You have several options when it comes to flat roofing materials. Whether you need to replace a roof, repair, or overlay, there are things to consider before choosing the right material. The size, exposure, labor needed, and look you are trying to achieve will all influence which material is best. Each of the main types of flat roof material have advantages and disadvantages, so read on to find which will work best for you.

Flat Roofing Materials


Polyvinyl chloride is one of the most widely used flat roofing materials. It is made from processed petroleum and salt, and comes in large rolls with a bottom ply as well as a weathering film and tough acrylic finish. PVC is durable and can last up to 30 years with proper installation and maintenance. PVC is fire-resistant and can withstand strong winds. You also get top waterproofing as PVC provides watertight conerave across the roof and can prevent bacteria and mold growth. You also save money on energy bills, because most PVC roofing is whie and will reflect the sun away from your building.


EPDM, or Ethylene Propylene Diene Monomer, is a single-ply rubber system that is fitted without seams. This makes it simple to install and because it uses glue, the finish is smooth and clean. The perimeters of the EPDM roofing are adhered using a wet bonding and a stronger contact adhesive. The trims are fitted to leave a clean finish. EPDM is lightweight but tough and can last up to 50 years with proper cleaning and maintenance. You also do not have to worry about leaks as this roofing system has great waterproofing properties.


Modified bitumen roofing involves tar mixed with fillers such as limestone or sand. These fillers provide tear resistance. SBS (styrene-butadiene styrene) is a polymer that can also be used as filler. This synthetic rubber additive allows for faster application and greater flexibility during cold seasons. Modified bitumen is multi-layers which gives durability. The base layer is attached to the roof and an adhesive attaches the additional layers. Granules are placed as the final top layer for aesthetic purposes and to help reflect sunlight. With proper care, bitumen roofing can last for up to 20 years.


Built-up roofing is one of the oldest materials used and uses several layers to provide durability and longevity. Special roofing felt that has been ingrained with asphalt and embedded in bitumen is applied in layers using a hot mop. Hot tar mixes with the bitumen soaked felt to create a strong membrane, and this layering process continues until you have between two and four plies. Granules are also applied to the top layer for added durability and protection from UV damage and weather.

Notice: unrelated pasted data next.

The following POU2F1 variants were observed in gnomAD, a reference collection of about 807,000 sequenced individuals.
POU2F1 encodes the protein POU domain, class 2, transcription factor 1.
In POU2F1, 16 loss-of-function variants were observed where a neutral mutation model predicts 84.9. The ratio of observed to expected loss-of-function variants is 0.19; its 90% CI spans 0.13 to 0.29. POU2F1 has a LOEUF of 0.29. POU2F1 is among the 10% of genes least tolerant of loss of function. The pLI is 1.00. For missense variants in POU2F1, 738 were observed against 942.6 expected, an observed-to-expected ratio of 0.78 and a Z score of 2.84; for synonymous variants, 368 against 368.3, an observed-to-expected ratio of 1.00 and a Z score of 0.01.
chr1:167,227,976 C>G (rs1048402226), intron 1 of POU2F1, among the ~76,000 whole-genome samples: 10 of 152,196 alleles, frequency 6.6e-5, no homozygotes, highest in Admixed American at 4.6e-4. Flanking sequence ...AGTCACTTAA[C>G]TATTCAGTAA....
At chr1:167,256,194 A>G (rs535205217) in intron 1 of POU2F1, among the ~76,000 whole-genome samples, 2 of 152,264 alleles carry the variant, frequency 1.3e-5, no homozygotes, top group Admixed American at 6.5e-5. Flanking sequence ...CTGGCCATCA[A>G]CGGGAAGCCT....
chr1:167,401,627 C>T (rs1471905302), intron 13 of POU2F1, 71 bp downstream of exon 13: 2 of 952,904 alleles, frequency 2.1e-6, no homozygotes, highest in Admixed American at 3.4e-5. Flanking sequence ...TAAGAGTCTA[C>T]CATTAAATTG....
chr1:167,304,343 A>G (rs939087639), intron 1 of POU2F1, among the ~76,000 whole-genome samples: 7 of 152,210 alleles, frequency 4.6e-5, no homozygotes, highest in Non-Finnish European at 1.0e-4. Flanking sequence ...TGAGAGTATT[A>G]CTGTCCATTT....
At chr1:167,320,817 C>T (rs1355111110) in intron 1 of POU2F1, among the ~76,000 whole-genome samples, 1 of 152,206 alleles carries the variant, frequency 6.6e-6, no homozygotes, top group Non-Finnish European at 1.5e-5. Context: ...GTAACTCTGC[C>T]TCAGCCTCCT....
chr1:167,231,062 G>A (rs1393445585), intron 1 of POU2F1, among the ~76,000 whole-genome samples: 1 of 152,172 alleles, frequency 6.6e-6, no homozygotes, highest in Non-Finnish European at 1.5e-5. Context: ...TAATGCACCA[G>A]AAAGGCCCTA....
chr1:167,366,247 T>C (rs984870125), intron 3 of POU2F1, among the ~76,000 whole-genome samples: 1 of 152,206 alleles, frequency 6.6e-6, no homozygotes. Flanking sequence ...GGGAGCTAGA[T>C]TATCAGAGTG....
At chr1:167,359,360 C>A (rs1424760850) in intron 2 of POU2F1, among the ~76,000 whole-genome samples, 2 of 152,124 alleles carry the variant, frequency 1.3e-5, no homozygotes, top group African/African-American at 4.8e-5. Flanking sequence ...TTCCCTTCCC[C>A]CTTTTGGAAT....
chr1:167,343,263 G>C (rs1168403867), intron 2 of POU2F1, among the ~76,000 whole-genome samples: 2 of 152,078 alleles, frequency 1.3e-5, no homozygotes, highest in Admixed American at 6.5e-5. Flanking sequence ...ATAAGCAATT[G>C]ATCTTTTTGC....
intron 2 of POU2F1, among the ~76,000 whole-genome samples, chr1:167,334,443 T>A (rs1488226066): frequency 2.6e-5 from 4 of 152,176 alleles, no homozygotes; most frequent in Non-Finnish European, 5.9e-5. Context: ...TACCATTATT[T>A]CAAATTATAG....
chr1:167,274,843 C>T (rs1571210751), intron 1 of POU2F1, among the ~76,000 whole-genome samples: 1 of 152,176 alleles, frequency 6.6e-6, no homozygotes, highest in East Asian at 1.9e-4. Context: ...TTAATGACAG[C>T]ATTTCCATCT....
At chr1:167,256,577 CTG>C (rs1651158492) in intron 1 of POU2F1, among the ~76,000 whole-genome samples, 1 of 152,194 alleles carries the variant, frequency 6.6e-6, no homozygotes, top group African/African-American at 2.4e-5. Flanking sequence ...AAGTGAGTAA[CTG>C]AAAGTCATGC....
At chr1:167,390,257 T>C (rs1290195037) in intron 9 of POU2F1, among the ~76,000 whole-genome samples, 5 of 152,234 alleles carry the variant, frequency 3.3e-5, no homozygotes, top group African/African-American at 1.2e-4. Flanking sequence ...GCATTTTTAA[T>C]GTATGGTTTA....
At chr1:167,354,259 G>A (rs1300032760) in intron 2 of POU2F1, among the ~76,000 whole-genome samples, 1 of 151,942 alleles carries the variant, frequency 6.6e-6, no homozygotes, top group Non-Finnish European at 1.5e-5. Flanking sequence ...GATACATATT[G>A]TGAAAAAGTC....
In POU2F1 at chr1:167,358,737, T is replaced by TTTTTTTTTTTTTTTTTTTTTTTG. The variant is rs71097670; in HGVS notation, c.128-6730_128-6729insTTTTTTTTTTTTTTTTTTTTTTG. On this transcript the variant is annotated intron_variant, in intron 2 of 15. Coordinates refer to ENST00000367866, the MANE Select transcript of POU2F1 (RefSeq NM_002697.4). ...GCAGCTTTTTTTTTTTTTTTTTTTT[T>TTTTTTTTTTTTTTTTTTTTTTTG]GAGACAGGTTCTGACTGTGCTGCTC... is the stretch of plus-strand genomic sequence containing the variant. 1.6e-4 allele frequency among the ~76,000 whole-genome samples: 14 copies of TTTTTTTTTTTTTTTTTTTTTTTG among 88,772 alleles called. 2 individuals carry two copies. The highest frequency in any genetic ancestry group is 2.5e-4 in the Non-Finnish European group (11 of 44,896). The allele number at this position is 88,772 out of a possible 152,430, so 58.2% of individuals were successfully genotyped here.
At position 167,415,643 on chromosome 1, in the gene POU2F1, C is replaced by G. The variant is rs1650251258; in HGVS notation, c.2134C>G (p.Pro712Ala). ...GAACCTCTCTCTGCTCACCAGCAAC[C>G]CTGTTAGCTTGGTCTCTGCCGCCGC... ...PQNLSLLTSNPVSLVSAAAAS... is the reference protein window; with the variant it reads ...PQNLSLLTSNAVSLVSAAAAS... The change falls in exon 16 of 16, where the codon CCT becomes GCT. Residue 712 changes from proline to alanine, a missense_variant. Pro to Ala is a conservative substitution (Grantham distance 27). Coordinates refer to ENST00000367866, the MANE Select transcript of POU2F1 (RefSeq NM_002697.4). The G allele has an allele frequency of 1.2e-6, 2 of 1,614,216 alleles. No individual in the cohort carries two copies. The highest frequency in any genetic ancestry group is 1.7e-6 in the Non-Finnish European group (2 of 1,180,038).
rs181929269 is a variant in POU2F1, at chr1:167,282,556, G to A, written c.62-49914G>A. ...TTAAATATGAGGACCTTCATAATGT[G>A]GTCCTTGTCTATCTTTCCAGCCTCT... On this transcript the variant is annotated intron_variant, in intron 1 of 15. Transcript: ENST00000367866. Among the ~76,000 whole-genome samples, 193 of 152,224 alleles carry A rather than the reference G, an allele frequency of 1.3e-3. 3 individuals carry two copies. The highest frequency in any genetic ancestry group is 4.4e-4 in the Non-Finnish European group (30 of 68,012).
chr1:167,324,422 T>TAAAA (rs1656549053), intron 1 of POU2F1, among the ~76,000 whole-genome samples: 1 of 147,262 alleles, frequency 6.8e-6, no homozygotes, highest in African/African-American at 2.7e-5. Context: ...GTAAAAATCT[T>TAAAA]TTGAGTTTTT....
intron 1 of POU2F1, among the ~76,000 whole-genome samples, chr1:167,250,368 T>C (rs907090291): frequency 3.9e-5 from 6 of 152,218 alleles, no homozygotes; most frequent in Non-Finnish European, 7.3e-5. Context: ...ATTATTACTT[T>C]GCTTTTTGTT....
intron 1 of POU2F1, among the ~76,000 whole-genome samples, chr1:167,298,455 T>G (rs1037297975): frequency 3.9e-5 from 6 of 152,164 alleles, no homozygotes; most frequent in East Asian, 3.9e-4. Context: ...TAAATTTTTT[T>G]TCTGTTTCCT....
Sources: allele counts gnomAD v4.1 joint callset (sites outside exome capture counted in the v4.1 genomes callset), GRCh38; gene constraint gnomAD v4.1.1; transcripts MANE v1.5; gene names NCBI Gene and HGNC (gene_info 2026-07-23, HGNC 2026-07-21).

Thermoplastic Polyolefin (TPO) is a popular heat-reflective roofing material that is applied using heat-sealed seams for a smooth finish. LArger commercial buildings can benefit from this roofing as air conditioning costs can be high, but the TPO helps reduce heat absorption through the roof. TPO is also lightweight but durable and a great option for those with a budget. The laminated surface is easy to clean and difficult for mold to stick too. TPO is not ideal for hot climates as the seams can crack easily.


When looking to repair, replace, or overlay your flat roofing, the choice of materials will make all the difference. You need to consider budget, weather, and your priorities when picking the material. There are a number of options and we are here to help you find the one that works best for you. We have all the options and the tools and accessories you need for premium installation and roofing care. So call us today.

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